In defense of the SoulCycle boycott

Now, one could argue that the wrath directed at Equinox has been a bit much. Early reports suggested that Ross’ empire, Related Companies, was the majority owner of the chain. But according to Dan Primack of Axios, that’s no longer true. Related purchased Equinox—which in turn bought SoulCycle—in 2005. But since then, it has “been diluted via new Equinox share sales and some secondary sales by Related itself,” so that Related now owns only a minority stake in the chains. Meanwhile, SoulCycle has described Ross as a “passive investor,” meaning he has no actual management role. It’s not even clear whether he’s currently receiving any profits or dividends. The connection between your spin membership and Trump’s fundraising seems, in the end, to be a bit attenuated.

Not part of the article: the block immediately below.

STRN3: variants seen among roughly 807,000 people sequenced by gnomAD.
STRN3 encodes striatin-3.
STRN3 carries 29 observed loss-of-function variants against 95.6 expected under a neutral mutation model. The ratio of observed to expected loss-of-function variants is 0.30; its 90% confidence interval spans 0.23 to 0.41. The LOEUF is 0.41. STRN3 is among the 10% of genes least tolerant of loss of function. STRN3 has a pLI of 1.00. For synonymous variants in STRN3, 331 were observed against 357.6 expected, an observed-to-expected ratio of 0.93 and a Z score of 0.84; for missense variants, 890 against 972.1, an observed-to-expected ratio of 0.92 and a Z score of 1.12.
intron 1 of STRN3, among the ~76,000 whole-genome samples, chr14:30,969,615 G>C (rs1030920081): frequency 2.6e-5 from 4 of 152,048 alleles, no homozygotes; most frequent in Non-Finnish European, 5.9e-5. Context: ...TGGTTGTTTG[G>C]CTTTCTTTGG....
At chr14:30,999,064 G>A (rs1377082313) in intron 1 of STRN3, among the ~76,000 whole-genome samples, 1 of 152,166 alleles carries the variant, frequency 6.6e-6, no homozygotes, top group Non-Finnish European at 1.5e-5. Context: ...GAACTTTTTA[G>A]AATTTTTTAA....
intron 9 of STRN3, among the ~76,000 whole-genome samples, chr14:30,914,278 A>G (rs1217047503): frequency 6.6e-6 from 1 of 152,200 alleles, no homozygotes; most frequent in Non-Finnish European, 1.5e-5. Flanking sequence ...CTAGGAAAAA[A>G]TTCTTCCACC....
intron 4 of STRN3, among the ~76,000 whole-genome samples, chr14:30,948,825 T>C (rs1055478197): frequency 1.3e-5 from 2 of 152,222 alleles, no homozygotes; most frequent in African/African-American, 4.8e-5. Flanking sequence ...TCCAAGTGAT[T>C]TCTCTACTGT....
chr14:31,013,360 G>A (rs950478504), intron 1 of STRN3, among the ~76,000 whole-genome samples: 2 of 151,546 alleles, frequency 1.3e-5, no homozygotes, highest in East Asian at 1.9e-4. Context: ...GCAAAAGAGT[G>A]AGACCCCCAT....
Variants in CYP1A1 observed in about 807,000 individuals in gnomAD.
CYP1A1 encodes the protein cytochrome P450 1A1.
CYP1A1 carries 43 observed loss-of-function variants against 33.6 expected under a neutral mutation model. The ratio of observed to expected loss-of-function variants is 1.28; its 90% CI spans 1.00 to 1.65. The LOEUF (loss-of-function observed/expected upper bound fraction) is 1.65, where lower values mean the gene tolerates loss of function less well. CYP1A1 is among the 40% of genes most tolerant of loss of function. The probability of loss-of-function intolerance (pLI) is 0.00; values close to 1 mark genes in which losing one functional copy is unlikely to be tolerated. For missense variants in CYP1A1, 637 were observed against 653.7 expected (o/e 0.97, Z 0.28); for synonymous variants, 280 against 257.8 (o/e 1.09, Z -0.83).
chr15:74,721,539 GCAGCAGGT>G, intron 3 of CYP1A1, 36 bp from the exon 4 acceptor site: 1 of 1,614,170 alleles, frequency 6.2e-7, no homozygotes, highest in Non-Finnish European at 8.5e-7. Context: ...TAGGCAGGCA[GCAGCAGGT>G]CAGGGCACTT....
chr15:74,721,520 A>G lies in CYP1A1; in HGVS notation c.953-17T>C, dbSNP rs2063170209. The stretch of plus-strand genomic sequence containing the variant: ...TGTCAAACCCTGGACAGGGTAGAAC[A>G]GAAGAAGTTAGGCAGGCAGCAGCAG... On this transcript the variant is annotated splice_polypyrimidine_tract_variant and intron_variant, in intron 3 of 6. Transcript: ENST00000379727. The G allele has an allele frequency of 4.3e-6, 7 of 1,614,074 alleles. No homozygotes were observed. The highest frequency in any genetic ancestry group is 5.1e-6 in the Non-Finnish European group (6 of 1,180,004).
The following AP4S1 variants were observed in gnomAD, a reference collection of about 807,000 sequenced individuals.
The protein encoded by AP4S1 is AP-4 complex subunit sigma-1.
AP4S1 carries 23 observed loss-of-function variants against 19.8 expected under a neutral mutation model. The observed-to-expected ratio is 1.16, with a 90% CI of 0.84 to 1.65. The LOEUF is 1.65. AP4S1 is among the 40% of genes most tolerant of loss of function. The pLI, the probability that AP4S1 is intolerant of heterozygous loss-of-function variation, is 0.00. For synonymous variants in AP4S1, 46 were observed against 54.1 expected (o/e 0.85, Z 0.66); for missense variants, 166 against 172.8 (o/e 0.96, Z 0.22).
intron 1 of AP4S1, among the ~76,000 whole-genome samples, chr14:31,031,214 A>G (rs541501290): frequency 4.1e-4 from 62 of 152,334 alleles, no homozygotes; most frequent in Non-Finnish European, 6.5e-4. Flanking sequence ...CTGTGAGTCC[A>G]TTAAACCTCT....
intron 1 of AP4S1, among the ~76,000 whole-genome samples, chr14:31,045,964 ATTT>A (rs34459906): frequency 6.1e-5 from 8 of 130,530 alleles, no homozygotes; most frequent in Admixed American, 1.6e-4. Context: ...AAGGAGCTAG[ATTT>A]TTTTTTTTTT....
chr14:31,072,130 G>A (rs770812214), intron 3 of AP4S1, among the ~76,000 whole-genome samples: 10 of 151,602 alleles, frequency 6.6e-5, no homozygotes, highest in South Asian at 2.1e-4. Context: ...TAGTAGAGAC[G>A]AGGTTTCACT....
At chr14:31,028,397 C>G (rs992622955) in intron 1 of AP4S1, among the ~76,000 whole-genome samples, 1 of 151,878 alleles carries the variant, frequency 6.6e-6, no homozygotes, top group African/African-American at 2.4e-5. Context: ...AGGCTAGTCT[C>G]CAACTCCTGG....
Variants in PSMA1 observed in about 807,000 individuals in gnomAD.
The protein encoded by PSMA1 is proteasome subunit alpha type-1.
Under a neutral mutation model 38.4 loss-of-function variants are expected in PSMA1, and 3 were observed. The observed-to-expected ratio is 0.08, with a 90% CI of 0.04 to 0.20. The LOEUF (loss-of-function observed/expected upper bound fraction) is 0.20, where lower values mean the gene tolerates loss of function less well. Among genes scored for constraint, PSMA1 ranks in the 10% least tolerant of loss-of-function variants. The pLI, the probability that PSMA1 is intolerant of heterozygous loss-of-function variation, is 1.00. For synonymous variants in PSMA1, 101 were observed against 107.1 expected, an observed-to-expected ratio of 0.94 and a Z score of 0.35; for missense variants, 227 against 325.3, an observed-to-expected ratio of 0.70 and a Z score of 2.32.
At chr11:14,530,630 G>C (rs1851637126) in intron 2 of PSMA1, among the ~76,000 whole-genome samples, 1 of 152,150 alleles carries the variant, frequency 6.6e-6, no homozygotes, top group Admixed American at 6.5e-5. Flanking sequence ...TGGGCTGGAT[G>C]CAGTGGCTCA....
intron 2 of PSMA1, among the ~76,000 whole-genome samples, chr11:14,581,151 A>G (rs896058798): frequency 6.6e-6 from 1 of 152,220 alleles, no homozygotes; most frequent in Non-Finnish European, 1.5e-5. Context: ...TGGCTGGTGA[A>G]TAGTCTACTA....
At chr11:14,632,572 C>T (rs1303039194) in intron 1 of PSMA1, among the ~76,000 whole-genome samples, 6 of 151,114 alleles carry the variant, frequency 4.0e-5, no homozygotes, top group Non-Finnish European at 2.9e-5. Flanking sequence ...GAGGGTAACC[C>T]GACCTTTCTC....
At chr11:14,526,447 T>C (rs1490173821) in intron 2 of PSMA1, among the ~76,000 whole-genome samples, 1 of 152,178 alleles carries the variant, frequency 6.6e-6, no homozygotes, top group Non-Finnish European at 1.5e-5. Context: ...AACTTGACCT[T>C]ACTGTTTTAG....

But on the other hand, who cares? Ross could stand to profit if Equinox is ever sold or manages to have an IPO. And if LGBTQ customers don’t want to pay $200 or so a month for a gym part-owned by a guy trying to re-elect a president who is hostile to their rights, they shouldn’t. There are lots of places, after all, to go ride a stationary bike. This kind of Twitter activism might seem desultory and silly. But it’s a reasonable way to enforce the social and political norms people claim to hold dear. Don’t mock it, even if you don’t want to bother with it.

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